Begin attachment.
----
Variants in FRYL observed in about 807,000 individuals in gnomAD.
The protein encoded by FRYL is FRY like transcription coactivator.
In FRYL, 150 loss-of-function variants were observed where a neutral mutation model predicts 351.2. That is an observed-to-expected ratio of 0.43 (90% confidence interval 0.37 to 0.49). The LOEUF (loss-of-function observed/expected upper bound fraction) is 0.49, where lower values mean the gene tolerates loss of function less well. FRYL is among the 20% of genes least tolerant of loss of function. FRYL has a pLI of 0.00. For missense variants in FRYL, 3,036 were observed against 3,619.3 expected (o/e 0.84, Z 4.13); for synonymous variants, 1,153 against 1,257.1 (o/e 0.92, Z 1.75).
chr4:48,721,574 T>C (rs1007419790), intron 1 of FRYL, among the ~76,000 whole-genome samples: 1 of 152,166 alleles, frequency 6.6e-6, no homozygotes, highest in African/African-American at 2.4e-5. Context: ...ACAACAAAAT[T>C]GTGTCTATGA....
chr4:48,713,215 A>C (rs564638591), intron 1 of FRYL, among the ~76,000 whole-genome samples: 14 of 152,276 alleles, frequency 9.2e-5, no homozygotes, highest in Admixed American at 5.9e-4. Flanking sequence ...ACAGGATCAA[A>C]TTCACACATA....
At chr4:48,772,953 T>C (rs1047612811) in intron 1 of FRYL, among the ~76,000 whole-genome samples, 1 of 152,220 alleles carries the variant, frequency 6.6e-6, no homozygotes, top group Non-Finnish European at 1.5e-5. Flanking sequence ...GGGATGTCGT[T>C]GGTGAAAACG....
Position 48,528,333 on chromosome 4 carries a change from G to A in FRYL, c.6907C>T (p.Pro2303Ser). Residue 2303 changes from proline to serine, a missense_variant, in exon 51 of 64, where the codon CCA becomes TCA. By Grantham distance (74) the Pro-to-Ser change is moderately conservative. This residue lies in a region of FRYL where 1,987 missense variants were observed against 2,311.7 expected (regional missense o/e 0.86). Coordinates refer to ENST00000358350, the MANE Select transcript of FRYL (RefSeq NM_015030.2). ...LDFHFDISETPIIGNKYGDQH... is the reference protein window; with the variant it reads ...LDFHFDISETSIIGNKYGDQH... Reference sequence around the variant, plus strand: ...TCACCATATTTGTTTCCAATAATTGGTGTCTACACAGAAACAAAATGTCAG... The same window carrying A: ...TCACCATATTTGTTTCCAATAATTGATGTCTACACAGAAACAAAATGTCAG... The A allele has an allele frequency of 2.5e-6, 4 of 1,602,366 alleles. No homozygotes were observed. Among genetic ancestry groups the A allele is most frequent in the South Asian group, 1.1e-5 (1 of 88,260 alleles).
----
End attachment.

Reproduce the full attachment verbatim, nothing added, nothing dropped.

Variants in FRYL observed in about 807,000 individuals in gnomAD.
The protein encoded by FRYL is FRY like transcription coactivator.
In FRYL, 150 loss-of-function variants were observed where a neutral mutation model predicts 351.2. That is an observed-to-expected ratio of 0.43 (90% confidence interval 0.37 to 0.49). The LOEUF (loss-of-function observed/expected upper bound fraction) is 0.49, where lower values mean the gene tolerates loss of function less well. FRYL is among the 20% of genes least tolerant of loss of function. FRYL has a pLI of 0.00. For missense variants in FRYL, 3,036 were observed against 3,619.3 expected (o/e 0.84, Z 4.13); for synonymous variants, 1,153 against 1,257.1 (o/e 0.92, Z 1.75).
chr4:48,721,574 T>C (rs1007419790), intron 1 of FRYL, among the ~76,000 whole-genome samples: 1 of 152,166 alleles, frequency 6.6e-6, no homozygotes, highest in African/African-American at 2.4e-5. Context: ...ACAACAAAAT[T>C]GTGTCTATGA....
chr4:48,713,215 A>C (rs564638591), intron 1 of FRYL, among the ~76,000 whole-genome samples: 14 of 152,276 alleles, frequency 9.2e-5, no homozygotes, highest in Admixed American at 5.9e-4. Flanking sequence ...ACAGGATCAA[A>C]TTCACACATA....
At chr4:48,772,953 T>C (rs1047612811) in intron 1 of FRYL, among the ~76,000 whole-genome samples, 1 of 152,220 alleles carries the variant, frequency 6.6e-6, no homozygotes, top group Non-Finnish European at 1.5e-5. Flanking sequence ...GGGATGTCGT[T>C]GGTGAAAACG....
Position 48,528,333 on chromosome 4 carries a change from G to A in FRYL, c.6907C>T (p.Pro2303Ser). Residue 2303 changes from proline to serine, a missense_variant, in exon 51 of 64, where the codon CCA becomes TCA. By Grantham distance (74) the Pro-to-Ser change is moderately conservative. This residue lies in a region of FRYL where 1,987 missense variants were observed against 2,311.7 expected (regional missense o/e 0.86). Coordinates refer to ENST00000358350, the MANE Select transcript of FRYL (RefSeq NM_015030.2). ...LDFHFDISETPIIGNKYGDQH... is the reference protein window; with the variant it reads ...LDFHFDISETSIIGNKYGDQH... Reference sequence around the variant, plus strand: ...TCACCATATTTGTTTCCAATAATTGGTGTCTACACAGAAACAAAATGTCAG... The same window carrying A: ...TCACCATATTTGTTTCCAATAATTGATGTCTACACAGAAACAAAATGTCAG... The A allele has an allele frequency of 2.5e-6, 4 of 1,602,366 alleles. No homozygotes were observed. Among genetic ancestry groups the A allele is most frequent in the South Asian group, 1.1e-5 (1 of 88,260 alleles).